4:35 am Saturday 4/9/10. Camille jumps out of bed yelling “earthquake”. The bedroom is swaying, and not in a good way. I grab my dressing gown and join her under the door frame. Biskits (cat) is faster than both of us and has taken up refuge on our bed. It’s a bit like being seasick — disorientating because everything’s moving. The house is creaking and flexing like ocean swells are running under us. It seems to last a very long time — 40 seconds, it’s said — and then noise stops and we start looking around. No damage at Limestone Hills — a few bits and bobs have got close to falling over — but it’s clear that someone has had a very bad time. Within a few minutes we’ve established that Tim and Emma in Christchurch are OK. Emma’s scared and under the living room table, and Tim’s picking his way through the damage at his girlfriend’s parent’s house in Halswell. Smashed crockery, TV on the floor, water slopping out of the spa pool and when the sun gets up enough to see, some very impressive cracks in the road outside.
Before 5am, the Geonet website is showing a 7.4 Richter earthquake about 30km west of Christchurch (near Darfield, 60-70 km from us), at a depth of 30km. Later this is revised to 7.1 and 10km depth. Radio NZ National (like BBC Radio 4 or NPR) is taking emails and tweets while they work out what’s happened. The presenter plays an oldie up to the news. Good Vibrations was not perhaps the best choice…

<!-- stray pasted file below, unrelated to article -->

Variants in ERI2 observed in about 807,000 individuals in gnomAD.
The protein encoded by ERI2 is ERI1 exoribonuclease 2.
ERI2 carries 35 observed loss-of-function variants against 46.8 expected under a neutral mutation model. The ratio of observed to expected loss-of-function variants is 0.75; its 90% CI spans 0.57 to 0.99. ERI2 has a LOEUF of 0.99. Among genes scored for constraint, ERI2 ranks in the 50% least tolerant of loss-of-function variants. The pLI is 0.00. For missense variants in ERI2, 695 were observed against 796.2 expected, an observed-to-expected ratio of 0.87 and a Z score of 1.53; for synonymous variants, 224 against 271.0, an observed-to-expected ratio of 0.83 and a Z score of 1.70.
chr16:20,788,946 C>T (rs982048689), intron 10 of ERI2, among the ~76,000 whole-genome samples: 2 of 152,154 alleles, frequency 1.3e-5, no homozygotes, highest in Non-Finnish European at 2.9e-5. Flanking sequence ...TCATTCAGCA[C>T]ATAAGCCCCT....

When there’s enough light to see, I take a walk around the farm. It’s a beautiful morning, crisp with a slight frost underfoot and a brilliant clear blue sky. No damage to be seen. Puppy cavorts happily at this early liberation from her sleeping quarters.
As the morning wears on, the #eqnz Twitter stream is reporting extensive damage in Christchurch. Pictures of broken roads, cars crushed by falling bricks start appearing. Doesn’t look good. But only two people reported seriously injured. 16 hours on from the quake, we still only have two people seriously injured but some amazing tales of escapes. There’s going to be a lot to rebuild in Christchurch, a lot of heartbreak, lost possessions and hard work, but as the aftershocks rumble on — a 6.0’s likely, so far we’ve had quite a few 5+ — there’s a real sense that today we dodged a bullet. And the faultline at Limestone Hills remains to move another day. Not soon, we hope.
[There’s a lot more I could write, about how Twitter got news flowing quickly, how the GNS web site is a superb resource, about the masterly RNZ National morning show once they got their act in gear, but now is not the time. Now is time for a toast to the health of everyone in Canterbury.]